Cheerleaders of the Deep: How Pom-Pom Crabs Got Their Name

a boxer crab with sea anemones
A boxer crab from the Red Sea clutching two sea anemones in each claw. The creatures are never found without their sea anemones, and new research shows they get them by stealing from each other and cloning them. (Image credit: Yisrael Schnytzer)

The mystery of a bizarre crab that is always found clutching two sea anemones in its claws may have been solved: The crabs clone their poufy accessories, new research suggests.

Lybia leptochelis, also known as a boxer crab or a pom-pom crab, will fight over the sea anemones and then split the remaining ones in two. The split sea anemones will regenerate over the course of a few days. The crabs then wield the stinging predators as a means of self-defense or to stun prey.

Since the 19th century, scientists have noticed these funny little creatures, less than an 1 inch long (2.5 centimeters) lurking under boulders throughout the ocean. The creatures are easy to miss, with their sea anemones and tannish rock coloration acting as camouflage. [Watch Video of the Boxer Crabs Cloning Sea Anemones

"Boxer crabs of the genus Lybia have the remarkable habit of carrying a sea anemone in each of its claws by means of delicate hooks, slightly embedded in the sea anemone column," the researchers wrote in the paper published today (Jan. 31) in the journal PeerJ.

As for what the sea anemones get out of the partnership, past studies found that these "kept" anemones have greater access to oxygen and food (leftover scraps from the crab), which helps them grow. However, it's a double-edged sword: "The crabs regulate the food intake of their sea anemones, and consequently control their growth, maintaining small, 'bonsai' sea anemones for their use," the researchers wrote, noting that they had found this behavior in their past studies.

Clone wars

However, researchers didn't know exactly how the crabs got their decorations. To figure that out, Yisrael Schnytzer, a graduate student at Bar Ilan University in Israel, and his colleagues tracked down more than 100 boxer crabs from the Red Sea. Amazingly, every crab — even the baby crabs — were found clutching two sea anemones from the genus Alicia. [In Images: Amazing World of Deep Sea Yeti Crabs]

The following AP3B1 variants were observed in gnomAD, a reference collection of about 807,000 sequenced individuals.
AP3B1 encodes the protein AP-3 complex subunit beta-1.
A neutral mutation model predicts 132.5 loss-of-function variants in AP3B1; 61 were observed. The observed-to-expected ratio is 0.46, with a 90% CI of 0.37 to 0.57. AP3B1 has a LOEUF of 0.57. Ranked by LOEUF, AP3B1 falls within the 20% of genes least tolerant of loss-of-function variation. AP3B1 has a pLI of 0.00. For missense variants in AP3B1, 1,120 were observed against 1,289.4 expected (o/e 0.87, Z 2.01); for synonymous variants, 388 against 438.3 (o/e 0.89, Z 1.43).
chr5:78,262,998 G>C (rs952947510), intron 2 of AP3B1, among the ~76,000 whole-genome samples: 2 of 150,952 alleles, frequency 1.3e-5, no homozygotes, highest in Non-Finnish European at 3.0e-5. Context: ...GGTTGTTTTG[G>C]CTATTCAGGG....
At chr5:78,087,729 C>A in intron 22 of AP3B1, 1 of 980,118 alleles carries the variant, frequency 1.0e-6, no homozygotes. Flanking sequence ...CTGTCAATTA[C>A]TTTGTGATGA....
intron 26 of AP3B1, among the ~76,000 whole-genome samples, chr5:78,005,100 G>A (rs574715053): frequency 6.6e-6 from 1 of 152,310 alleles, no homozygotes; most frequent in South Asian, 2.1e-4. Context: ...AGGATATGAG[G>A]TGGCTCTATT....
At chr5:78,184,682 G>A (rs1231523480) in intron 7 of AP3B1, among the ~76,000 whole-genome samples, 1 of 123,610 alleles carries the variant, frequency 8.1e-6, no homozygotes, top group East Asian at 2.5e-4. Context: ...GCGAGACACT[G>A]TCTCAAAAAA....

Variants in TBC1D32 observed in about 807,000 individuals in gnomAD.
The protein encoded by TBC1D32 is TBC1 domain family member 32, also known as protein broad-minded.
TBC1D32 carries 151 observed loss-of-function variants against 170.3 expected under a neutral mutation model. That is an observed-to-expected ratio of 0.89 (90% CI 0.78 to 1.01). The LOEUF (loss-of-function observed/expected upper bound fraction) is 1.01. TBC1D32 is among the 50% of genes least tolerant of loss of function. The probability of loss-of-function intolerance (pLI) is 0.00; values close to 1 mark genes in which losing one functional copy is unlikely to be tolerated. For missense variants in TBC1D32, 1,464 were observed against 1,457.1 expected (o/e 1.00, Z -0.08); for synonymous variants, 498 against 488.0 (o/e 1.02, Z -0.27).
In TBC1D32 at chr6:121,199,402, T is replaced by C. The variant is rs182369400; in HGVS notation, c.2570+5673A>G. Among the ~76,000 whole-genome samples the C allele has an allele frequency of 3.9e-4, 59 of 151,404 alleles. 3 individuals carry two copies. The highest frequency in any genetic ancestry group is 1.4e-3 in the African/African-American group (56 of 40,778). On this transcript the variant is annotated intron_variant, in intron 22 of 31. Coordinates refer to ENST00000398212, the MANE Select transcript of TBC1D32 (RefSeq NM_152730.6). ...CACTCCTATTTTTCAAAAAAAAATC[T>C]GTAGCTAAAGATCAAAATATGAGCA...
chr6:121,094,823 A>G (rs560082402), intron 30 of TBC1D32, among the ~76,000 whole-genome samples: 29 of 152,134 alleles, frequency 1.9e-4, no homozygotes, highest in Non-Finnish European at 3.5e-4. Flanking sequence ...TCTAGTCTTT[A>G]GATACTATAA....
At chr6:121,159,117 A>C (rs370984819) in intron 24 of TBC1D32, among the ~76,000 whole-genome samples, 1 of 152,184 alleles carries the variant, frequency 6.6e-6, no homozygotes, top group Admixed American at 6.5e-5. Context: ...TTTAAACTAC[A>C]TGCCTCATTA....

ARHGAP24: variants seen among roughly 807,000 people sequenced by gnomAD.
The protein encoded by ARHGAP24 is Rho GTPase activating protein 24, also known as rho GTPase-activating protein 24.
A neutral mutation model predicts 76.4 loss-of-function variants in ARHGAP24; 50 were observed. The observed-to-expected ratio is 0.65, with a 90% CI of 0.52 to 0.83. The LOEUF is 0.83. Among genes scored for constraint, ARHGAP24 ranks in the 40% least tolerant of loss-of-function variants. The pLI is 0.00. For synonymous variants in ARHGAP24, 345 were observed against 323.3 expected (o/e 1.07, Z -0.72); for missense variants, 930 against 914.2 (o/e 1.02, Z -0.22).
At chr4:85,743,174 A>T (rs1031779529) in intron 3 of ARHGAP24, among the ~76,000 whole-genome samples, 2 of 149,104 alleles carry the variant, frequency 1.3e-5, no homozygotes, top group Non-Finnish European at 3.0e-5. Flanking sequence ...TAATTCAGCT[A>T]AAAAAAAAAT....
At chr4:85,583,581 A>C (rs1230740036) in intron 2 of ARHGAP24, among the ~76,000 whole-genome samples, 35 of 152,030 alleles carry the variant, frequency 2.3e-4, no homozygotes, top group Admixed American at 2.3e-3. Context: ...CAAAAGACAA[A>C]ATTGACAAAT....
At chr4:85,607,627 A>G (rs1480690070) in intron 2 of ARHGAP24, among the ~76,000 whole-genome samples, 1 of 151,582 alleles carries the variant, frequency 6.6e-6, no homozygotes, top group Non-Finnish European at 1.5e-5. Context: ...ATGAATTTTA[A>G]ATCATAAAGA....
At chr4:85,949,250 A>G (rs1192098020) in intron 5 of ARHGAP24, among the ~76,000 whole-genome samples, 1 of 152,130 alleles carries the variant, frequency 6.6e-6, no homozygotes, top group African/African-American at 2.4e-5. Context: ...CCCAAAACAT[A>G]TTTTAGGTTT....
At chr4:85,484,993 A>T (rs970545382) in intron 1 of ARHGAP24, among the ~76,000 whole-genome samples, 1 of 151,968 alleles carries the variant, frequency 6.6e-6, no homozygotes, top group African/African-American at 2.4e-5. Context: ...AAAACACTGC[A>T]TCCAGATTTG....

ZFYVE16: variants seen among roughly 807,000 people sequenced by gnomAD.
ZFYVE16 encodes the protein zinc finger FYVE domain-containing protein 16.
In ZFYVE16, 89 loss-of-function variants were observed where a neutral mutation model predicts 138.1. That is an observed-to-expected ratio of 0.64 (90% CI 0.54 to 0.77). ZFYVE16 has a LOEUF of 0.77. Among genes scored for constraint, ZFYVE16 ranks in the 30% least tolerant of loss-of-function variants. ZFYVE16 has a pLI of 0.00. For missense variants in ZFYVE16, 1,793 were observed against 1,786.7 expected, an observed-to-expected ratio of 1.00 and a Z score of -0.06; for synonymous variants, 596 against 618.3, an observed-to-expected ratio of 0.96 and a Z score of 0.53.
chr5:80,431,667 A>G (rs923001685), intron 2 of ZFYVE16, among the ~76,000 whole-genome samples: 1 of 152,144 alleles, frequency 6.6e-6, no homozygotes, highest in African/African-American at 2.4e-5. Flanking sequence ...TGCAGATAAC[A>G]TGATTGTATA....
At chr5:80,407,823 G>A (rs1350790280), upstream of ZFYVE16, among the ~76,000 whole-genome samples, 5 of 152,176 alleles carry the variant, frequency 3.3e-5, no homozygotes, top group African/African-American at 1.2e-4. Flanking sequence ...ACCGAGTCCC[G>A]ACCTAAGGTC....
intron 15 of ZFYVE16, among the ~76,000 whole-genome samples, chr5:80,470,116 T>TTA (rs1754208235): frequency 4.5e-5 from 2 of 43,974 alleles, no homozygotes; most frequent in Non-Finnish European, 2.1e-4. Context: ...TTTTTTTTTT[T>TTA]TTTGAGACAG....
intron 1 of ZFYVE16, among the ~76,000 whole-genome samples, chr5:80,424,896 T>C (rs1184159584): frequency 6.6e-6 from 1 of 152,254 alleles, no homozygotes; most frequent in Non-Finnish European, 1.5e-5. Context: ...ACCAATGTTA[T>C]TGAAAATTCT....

Back at their lab, the researchers conducted a series of experiments on the collected crabs. In the first, they took away one anemone from each crab. They found the single-anemone crabs splitting the sea anemone into two, then waiting with pom poms in claw for the anemones to regenerate to their full size over several days. Thus, the crab was inducing asexual reproduction in the sea anemones, organisms that normally don't just split willy-nilly.

In the next set of experiments, they created an aquarium cage fight, where one anemone-less crab was placed in the same tank with another holding two anemones. The crabs would wrestle and each would get one pom pom. Both crabs would then clone their anemones so they each had a pair.

The team also studied the crabs in the wild. There, genetic analysis revealed that the two anemones clutched in each claw had identical DNA, meaning they were clones. That suggests the crabs use the same splitting tactic in the wild as they did in the lab.

Originally published on Live Science.

Tia Ghose
Managing Editor

Tia is the managing editor and was previously a senior writer for Live Science. Her work has appeared in Scientific American, and other outlets. She holds a master's degree in bioengineering from the University of Washington, a graduate certificate in science writing from UC Santa Cruz and a bachelor's degree in mechanical engineering from the University of Texas at Austin. Tia was part of a team at the Milwaukee Journal Sentinel that published the Empty Cradles series on preterm births, which won multiple awards, including the 2012 Casey Medal for Meritorious Journalism.